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What to do when someone has died

Coping with the death of a loved one is difficult. CRA recognize that you are going through a very difficult time. With this in mind, CRA hopes that the following information will help you by answering some questions you may have.

On the final return, report all of the deceased’s income from January 1 of the year of death, up to and including the date of death. Report income earned after the date of death on a T3 Trust Income Tax and Information Return.

Generally, the final return is due on or before the following dates:

Period when death occurred Due date for the return
January 1 to October 31 April 30 of the following year
November 1 to December 31 Six months after the date of death

If the deceased or the deceased’s spouse or common-law partner was carrying on a business in 2009 (unless the expenditures of the business are mainly in connection with a tax shelter), the following due dates apply:

Period when death occurred Due date for the return
January 1 to December 15 June 15 of the following year
December 16 to December 31 Six months after the date of death

Clearance certificate

As the legal representative, you may want to get a clearance certificate before you distribute any property under your control. A clearance certificate certifies that all amounts for which the deceased is liable to us have been paid, or that we have accepted security for the payment. If you do not get a certificate, you can be liable for any amount the deceased owes. A certificate covers all tax years to the date of death. It is not a clearance for any amounts a trust owes. If there is a trust, a separate clearance certificate is needed for the trust.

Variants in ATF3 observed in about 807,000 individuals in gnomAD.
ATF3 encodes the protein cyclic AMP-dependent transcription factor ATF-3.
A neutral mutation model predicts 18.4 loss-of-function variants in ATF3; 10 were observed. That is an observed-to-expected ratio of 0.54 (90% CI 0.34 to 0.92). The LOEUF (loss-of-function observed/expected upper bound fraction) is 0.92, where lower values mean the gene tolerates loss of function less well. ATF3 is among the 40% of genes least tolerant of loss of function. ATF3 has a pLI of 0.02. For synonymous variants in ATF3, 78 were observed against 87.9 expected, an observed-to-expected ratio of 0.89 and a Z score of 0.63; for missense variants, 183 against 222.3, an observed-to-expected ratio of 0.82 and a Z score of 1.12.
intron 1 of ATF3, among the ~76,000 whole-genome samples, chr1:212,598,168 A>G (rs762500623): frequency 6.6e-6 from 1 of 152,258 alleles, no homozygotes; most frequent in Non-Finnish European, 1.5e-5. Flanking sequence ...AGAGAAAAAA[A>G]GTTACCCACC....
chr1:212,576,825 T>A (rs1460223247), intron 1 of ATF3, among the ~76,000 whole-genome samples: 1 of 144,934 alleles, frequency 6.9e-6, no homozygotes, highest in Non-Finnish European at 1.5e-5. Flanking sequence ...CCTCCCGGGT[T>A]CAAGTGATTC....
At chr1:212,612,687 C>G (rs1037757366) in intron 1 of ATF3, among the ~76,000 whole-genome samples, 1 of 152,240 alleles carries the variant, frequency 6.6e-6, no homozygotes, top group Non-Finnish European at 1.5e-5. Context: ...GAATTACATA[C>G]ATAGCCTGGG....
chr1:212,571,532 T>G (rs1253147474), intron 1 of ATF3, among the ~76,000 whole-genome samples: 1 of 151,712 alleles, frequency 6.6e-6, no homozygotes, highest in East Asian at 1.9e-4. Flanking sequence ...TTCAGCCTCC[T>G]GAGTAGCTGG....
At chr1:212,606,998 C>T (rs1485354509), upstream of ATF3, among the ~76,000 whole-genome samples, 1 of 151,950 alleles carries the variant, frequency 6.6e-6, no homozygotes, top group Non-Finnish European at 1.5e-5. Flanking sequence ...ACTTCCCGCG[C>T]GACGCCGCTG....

For more information, go to: http://www.cra-arc.gc.ca/tx/ndvdls/lf-vnts/dth/menu-eng.html.

Under proposed changes, you may be eligible to claim as a deduction the excess EPSP amount contributed on your behalf to an EPSP. For more information, and to calculate your deduction, complete Form RC359, Tax on Excess Employees Profit‑Sharing Plan Amounts.

Complete Form T777, Statement of Employment Expenses, to give us details of your deductions and calculations for your expenses (except those related to an employees profit‑sharing plan). Guide T4044, Employment Expenses, contains Form T777 and other forms you will need. The guide also explains the conditions that apply when you claim these expenses.

Supporting documents – If you are filing electronically, keep all your documents in case we ask to see them at a later date. If you are filing a paper return, attach your completed Form T777 and/or Form RC359, but do not send your other documents. Keep them in case we ask to see them at a later date.

Tax Tip
You may be eligible for a rebate of any GST/HST you paid as part of your expenses (see line 457).

A Registered Education Savings Plan (RESP) is a special savings account that can help you, your family or friends start saving now for your child’s education after high school.

RESPs are registered by the Government of Canada so savings for education can grow tax-free until the person named in the RESP enrolls in studies after high school.

For each child named, you can put up to $50,000 into an RESP. There is no annual contribution limit. Note that the Government will only add a grant on the first $2,500 saved annually.